With my battery indicator flashing red again, I decided to head back into Cardiff, and the next stage of my adventure. I retraced my steps into the town centre and found a signpost for Barry Docks Station. A few minutes later I found myself on the approach to the station, and took this photo of the Custom House which dominates the view from the railway line as you pass through. Sadly I wasn’t able to get as close as I’d hoped, but it’s still a magnificent building.
The train arrived a few minutes later, and was running through to Aberdare, but I wasn’t heading home just yet. I boarded, found a seat by the window, and started the crossword. A couple of stops later, the shockwave against the window of a passing train jolted me back to reality. It turned out to be another coal train heading for Aberthaw. That baffled me for ages, as I knew the next window in the Aberdare route wasn’t until the evening. It dawned on me later that coal trains run from the opencast workings east of Merthyr Tydfil, via the Bedlinog to Ystrad Mynach branch. I presume it had originated there and made its way down in time to surprise me.
At Cardiff Central I had twenty minutes to kill, so I walked as far as Greggs and bought a snack. I had a look at the three charity shops side by side in Central Square, but none of had anything which caught my eye. Then I headed back to the station in time for the next stage of my adventure.
This didn’t go according to plan either, you’ll be amazed to learn. I’d been looking to catching my first train from the famous Platform Zero (see A Letter From the Editor 8), but it wasn’t to be. A last-minute platform alteration meant that I was departing from Platform 2 – but it didn’t matter. I was on my way into a section of Mr Baker’s book which said ‘Here be dragons’: the line to Ebbw Vale Parkway.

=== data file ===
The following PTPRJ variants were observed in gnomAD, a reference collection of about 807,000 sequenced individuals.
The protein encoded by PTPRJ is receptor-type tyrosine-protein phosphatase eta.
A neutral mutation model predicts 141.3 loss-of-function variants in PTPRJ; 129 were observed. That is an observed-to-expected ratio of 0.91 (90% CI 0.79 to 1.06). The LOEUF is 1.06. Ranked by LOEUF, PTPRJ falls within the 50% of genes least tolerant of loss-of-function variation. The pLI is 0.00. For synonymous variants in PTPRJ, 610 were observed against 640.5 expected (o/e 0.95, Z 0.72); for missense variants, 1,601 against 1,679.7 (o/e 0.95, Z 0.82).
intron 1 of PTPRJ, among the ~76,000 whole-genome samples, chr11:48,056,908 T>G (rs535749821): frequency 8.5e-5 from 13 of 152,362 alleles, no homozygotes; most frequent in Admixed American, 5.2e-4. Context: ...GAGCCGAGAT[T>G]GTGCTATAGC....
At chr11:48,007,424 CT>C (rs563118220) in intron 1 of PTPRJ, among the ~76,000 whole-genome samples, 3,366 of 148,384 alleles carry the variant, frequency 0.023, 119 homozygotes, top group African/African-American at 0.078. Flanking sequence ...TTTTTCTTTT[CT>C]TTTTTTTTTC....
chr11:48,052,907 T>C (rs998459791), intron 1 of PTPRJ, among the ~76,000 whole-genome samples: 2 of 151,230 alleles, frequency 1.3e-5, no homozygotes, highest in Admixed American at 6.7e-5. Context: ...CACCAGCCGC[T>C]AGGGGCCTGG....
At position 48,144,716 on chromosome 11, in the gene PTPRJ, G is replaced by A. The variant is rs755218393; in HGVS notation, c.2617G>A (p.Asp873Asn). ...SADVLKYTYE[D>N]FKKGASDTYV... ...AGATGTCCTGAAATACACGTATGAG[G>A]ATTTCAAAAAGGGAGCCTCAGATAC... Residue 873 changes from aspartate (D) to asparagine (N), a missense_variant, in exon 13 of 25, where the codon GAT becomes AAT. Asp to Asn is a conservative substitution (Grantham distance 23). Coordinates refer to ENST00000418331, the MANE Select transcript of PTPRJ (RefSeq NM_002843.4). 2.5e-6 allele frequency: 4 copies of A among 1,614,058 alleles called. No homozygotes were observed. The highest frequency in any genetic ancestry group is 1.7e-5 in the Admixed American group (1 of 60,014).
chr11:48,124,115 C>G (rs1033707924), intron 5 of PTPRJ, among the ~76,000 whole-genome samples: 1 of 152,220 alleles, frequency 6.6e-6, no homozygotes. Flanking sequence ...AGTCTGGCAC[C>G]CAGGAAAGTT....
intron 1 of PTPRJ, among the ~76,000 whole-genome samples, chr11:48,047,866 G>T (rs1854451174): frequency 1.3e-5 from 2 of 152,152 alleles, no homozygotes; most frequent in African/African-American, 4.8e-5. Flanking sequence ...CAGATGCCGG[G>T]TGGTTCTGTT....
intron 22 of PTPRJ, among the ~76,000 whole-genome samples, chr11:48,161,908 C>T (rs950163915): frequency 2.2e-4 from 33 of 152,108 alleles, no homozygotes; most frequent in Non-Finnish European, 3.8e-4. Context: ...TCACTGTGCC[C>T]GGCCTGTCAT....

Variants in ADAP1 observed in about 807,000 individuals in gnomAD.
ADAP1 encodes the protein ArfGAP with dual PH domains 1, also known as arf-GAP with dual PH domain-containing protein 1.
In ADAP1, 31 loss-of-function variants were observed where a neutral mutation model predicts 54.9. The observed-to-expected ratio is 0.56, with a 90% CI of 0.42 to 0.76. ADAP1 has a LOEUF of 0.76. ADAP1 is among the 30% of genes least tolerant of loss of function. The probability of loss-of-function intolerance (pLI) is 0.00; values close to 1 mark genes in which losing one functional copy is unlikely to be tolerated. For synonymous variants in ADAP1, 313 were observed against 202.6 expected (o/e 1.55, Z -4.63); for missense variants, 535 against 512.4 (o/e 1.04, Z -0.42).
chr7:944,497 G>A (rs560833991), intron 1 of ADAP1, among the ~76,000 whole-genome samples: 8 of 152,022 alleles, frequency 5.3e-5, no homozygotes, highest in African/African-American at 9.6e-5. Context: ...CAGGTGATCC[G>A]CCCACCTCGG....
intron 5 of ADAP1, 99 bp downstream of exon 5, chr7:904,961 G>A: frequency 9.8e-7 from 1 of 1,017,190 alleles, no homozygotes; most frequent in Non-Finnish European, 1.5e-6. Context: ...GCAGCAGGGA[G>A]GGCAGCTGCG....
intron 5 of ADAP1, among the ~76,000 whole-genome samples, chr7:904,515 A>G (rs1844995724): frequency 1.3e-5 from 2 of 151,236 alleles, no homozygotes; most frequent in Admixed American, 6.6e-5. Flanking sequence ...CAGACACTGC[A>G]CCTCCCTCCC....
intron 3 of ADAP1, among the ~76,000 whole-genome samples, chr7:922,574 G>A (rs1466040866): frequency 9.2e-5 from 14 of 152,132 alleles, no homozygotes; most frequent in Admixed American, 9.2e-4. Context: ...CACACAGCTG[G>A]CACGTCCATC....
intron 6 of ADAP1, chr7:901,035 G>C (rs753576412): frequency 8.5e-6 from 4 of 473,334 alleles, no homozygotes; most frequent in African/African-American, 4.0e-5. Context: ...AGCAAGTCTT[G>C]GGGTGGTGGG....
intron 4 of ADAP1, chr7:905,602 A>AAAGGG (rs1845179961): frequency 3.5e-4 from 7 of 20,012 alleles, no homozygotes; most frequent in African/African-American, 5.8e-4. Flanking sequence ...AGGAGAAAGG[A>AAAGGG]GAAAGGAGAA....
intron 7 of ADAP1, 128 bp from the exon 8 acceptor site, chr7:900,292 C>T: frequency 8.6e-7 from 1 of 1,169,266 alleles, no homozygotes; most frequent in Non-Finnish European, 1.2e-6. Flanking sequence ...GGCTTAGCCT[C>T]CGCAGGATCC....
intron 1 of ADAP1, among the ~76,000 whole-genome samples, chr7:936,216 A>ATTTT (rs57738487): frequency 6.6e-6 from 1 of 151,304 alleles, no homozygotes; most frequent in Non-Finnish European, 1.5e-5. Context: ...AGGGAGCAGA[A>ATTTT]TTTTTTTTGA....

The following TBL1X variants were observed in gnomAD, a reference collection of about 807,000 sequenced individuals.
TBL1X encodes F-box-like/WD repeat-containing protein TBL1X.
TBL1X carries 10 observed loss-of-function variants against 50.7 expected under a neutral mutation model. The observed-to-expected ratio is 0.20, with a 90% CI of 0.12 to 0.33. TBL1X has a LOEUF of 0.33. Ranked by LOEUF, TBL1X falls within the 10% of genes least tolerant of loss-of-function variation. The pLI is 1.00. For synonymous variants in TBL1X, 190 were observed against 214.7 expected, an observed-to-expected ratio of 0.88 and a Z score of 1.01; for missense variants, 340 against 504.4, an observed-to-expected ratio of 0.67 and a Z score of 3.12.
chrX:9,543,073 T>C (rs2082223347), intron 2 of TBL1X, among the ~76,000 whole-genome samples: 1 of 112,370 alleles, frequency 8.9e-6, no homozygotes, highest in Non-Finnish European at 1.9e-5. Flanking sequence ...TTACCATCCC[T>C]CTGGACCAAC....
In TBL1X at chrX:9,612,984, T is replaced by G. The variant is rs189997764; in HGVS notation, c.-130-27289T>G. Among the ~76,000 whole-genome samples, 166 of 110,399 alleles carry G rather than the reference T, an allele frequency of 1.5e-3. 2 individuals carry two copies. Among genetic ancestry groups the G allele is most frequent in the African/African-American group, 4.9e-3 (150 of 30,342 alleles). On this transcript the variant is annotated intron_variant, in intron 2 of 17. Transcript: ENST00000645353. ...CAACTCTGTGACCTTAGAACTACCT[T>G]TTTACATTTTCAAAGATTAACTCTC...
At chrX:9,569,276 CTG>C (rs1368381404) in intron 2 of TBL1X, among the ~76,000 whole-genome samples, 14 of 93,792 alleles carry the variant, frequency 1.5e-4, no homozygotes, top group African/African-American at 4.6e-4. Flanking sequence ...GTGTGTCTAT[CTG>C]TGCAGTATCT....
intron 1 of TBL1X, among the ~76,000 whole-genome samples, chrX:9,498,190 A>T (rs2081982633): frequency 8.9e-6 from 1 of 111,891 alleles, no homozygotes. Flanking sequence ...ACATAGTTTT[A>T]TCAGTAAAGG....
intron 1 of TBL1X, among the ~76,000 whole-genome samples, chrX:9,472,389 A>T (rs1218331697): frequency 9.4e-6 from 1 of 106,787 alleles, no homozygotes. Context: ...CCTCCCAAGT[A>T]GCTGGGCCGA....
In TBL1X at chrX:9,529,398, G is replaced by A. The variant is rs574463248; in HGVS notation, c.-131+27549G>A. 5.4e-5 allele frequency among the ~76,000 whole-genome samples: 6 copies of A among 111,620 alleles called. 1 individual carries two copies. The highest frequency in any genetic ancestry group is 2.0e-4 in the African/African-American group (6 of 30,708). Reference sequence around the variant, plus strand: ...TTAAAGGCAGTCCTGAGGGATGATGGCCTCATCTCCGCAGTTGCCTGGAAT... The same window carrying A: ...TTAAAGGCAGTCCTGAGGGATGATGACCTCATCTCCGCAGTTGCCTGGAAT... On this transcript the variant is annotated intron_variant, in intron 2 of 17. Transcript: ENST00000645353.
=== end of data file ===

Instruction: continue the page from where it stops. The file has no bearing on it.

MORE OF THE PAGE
Even though the line was reopened to passenger traffic early in 2008, I’d never made the journey there myself. Gaz did it a couple of years ago. We both knew from experience that ‘Parkway’ stations are usually some way from the towns they claim to represent. Gaz had summed up the end of the line perfectly: ‘It’s as if the trains to Aberdare terminated at Cwmbach.’
In the event, I didn’t have time to check out the terminus for myself. We were delayed for ages at Rogerstone while the conductor tried to get the doors to close. It was early evening by now, and the train was busy with commuters on their way home. It had felt strange to be on a commuter train heading down the main line towards Newport for the first part of the journey, but once we turned into the Ebbw Valley we were in familiar Valley Lines territory again.
I haven’t been into the Eastern Valleys for many years, and I was amazed by how much the landscape has been transformed. The old industrial scars have been landscaped over, and it’s extraordinarily green again. I couldn’t see a great deal from the train window, but it was reassuring to see that the massive Institute at Llanhilleth was still intact. At least one local authority in South Wales still cares about our built heritage.
When we arrived at Ebbw Vale Parkway, we were just in time for the return leg. Consequently I haven’t got any photos to show you. We made good time back into Cardiff, and I parked myself on the platform for the final phase of the day’s roving.